“So many of us live in this chronic stress state, and stress stiffens our arteries
and causes inflammation throughout the body,” says Dr. Steinbaum. But every little
move we make to boost “happy” brain chemicals like oxytocin and serotonin helps, she says. These feel-good seasonal
customs could do the trick:
When you start seeing potted poinsettias
and amaryllis at the grocery store, pick some up. Recent research from the University
of North Florida found that women felt less stressed after living with flowers in
their homes for a week.
Sentimental holiday music is everywhere right now—and that may be good for your immune
function, stress level, and mood. “The idea is that pleasurable music alters neurochemicals,” says neuroscientist Daniel J. Levitin, PhD, author of This Is Your Brain on Music. “The key is music that people find soothing, and that’s different for each person,” he explains. Not a fan of Christmas carols—or just sick of them? You might want to add a “yoga music” station to your Spotify. A study presented at the 2018 European Society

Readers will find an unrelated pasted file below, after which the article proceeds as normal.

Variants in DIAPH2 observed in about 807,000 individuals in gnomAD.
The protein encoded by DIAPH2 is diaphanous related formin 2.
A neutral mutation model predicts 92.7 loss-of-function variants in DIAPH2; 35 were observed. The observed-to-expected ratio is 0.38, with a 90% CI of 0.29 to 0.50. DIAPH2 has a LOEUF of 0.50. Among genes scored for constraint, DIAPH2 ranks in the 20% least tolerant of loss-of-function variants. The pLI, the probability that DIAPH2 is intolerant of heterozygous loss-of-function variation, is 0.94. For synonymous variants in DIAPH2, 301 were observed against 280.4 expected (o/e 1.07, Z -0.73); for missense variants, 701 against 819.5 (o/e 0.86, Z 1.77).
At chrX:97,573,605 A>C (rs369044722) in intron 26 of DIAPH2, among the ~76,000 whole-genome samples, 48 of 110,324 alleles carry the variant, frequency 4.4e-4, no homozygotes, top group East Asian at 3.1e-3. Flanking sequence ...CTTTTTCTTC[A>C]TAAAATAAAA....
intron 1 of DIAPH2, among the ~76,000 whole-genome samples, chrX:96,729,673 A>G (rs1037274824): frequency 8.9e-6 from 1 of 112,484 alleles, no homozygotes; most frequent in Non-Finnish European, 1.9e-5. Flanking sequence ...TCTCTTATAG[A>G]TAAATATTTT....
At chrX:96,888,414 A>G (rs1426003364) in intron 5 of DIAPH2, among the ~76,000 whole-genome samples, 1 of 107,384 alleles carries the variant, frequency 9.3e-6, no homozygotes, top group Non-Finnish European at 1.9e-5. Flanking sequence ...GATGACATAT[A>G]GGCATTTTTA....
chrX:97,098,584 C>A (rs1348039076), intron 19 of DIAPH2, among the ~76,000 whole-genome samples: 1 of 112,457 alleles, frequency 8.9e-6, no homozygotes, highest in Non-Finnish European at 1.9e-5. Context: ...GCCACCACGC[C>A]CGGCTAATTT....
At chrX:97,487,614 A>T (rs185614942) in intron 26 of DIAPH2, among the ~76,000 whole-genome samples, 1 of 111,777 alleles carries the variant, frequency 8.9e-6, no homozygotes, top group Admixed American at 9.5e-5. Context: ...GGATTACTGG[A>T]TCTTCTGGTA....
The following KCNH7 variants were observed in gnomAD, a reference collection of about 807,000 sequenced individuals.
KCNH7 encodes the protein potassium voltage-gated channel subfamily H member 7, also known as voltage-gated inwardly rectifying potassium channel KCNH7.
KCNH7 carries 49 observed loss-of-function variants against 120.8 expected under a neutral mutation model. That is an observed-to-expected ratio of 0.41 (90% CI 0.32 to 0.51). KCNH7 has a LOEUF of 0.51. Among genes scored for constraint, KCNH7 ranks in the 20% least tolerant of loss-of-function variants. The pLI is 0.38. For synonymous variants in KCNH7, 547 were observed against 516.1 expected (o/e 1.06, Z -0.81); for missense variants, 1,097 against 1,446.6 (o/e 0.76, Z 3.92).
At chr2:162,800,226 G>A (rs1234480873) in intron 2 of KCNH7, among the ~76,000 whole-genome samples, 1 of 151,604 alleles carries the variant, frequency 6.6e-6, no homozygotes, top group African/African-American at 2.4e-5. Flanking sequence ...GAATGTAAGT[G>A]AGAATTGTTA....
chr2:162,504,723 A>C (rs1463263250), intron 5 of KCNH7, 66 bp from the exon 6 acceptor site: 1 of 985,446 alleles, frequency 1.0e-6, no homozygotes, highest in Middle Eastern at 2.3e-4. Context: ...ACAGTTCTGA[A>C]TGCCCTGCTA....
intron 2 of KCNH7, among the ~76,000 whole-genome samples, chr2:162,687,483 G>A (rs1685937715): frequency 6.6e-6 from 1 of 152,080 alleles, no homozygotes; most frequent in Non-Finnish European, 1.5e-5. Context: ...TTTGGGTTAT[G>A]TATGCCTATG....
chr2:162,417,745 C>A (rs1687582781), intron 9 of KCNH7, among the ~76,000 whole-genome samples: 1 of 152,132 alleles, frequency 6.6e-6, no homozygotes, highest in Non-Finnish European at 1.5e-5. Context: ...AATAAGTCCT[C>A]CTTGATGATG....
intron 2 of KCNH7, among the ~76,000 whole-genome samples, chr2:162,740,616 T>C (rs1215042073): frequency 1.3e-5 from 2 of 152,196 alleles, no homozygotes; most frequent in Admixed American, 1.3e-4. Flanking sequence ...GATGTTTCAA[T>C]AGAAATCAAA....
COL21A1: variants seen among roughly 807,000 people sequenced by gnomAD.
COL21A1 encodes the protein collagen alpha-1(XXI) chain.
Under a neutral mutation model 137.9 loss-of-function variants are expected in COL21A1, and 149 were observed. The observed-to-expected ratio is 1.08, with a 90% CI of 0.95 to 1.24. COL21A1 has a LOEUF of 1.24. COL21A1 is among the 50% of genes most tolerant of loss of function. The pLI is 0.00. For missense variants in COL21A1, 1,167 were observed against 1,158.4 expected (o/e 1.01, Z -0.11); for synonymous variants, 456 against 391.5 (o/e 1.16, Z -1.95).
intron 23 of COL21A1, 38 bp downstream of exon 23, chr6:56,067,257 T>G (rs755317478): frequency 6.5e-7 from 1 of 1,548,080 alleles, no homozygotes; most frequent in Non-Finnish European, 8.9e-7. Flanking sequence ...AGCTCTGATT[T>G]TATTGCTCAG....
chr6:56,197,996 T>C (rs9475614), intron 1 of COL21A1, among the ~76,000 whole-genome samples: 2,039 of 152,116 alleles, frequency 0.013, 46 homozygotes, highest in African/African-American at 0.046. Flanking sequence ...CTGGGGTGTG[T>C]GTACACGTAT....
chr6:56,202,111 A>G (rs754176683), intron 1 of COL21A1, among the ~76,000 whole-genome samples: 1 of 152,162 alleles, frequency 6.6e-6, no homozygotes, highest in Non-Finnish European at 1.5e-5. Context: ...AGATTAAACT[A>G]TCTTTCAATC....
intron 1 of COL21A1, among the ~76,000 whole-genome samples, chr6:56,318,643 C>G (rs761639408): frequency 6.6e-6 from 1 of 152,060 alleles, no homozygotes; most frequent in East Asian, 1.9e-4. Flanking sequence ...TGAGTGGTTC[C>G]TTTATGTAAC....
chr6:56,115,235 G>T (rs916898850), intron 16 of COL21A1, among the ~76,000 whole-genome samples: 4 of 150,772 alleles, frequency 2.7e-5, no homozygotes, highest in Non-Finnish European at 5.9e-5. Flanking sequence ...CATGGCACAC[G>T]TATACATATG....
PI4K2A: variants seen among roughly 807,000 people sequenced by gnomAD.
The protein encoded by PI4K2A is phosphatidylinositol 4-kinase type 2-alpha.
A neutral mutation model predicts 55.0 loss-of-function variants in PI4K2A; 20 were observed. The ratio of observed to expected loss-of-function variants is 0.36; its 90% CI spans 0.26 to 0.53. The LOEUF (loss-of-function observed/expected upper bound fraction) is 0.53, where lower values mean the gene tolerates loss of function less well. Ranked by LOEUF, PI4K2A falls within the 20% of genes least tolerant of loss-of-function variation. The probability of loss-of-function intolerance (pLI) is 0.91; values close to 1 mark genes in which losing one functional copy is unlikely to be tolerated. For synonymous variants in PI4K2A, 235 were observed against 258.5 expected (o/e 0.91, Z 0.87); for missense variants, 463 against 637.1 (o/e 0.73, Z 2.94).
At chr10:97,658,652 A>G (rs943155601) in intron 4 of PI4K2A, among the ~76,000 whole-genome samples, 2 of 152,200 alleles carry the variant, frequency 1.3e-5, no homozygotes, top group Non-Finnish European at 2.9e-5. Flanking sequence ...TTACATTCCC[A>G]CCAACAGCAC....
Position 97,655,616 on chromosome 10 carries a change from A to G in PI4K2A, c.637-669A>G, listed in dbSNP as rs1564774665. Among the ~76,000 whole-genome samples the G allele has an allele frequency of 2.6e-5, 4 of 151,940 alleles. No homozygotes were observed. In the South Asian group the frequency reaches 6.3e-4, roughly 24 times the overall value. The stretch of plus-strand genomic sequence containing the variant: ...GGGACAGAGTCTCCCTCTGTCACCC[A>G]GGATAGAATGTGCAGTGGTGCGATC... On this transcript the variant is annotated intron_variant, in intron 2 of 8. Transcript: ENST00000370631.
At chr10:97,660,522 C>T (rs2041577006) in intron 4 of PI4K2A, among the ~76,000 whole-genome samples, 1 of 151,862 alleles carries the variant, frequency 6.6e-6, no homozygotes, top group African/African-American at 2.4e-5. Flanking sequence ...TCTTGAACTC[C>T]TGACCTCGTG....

of Cardiology meeting suggests that just 10 minutes of meditative tunes before bedtime
can improve your heart rate variability, or how quickly your heart rate can adapt to
support your body’s needs.
As season’s greetings arrive in your mailbox,
display them on a table or up on the walls, to remind you of your family and friends far and
wide. One review of research found that the effect of social ties on life span is stronger
than that of exercise. What’s more, other research has shown that long-distance
connections with friends can be just as impactful as local, face-to-face friendships.